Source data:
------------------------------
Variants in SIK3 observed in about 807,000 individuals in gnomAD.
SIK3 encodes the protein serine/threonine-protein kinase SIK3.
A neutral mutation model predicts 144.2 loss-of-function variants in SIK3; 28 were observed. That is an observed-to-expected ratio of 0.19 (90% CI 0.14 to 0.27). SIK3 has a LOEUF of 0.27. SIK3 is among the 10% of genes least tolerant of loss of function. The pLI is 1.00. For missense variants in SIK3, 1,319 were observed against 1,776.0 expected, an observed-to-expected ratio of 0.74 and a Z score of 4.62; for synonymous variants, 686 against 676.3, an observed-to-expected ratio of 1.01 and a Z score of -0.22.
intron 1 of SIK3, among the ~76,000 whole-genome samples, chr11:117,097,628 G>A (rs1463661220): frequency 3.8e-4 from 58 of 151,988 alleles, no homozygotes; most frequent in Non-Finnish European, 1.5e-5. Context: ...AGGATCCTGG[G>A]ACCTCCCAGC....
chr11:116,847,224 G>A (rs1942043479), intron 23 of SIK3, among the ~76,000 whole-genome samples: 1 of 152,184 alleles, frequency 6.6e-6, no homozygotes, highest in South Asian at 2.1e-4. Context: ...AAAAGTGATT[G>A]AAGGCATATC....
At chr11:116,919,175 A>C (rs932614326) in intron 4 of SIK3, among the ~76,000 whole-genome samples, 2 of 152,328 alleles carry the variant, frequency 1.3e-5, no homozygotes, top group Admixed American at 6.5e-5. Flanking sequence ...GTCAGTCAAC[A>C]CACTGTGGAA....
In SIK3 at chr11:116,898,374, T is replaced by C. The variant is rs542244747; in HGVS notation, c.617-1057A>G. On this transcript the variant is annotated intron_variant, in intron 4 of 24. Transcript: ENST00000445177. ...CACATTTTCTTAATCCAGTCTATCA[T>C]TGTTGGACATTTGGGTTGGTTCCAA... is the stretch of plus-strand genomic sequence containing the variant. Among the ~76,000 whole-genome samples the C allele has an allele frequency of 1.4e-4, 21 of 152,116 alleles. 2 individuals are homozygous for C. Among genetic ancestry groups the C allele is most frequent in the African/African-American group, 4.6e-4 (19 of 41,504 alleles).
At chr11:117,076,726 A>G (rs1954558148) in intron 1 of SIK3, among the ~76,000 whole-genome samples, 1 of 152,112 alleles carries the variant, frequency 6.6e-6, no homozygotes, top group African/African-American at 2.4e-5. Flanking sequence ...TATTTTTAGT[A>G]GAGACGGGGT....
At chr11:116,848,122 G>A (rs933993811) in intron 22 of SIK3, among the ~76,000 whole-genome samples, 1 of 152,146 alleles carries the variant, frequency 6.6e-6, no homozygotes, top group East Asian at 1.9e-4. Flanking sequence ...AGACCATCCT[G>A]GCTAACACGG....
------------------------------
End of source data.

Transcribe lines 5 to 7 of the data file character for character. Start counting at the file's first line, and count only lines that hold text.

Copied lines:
chr11:116,847,224 G>A (rs1942043479), intron 23 of SIK3, among the ~76,000 whole-genome samples: 1 of 152,184 alleles, frequency 6.6e-6, no homozygotes, highest in South Asian at 2.1e-4. Context: ...AAAAGTGATT[G>A]AAGGCATATC....
At chr11:116,919,175 A>C (rs932614326) in intron 4 of SIK3, among the ~76,000 whole-genome samples, 2 of 152,328 alleles carry the variant, frequency 1.3e-5, no homozygotes, top group Admixed American at 6.5e-5. Flanking sequence ...GTCAGTCAAC[A>C]CACTGTGGAA....
In SIK3 at chr11:116,898,374, T is replaced by C. The variant is rs542244747; in HGVS notation, c.617-1057A>G. On this transcript the variant is annotated intron_variant, in intron 4 of 24. Transcript: ENST00000445177. ...CACATTTTCTTAATCCAGTCTATCA[T>C]TGTTGGACATTTGGGTTGGTTCCAA... is the stretch of plus-strand genomic sequence containing the variant. Among the ~76,000 whole-genome samples the C allele has an allele frequency of 1.4e-4, 21 of 152,116 alleles. 2 individuals are homozygous for C. Among genetic ancestry groups the C allele is most frequent in the African/African-American group, 4.6e-4 (19 of 41,504 alleles).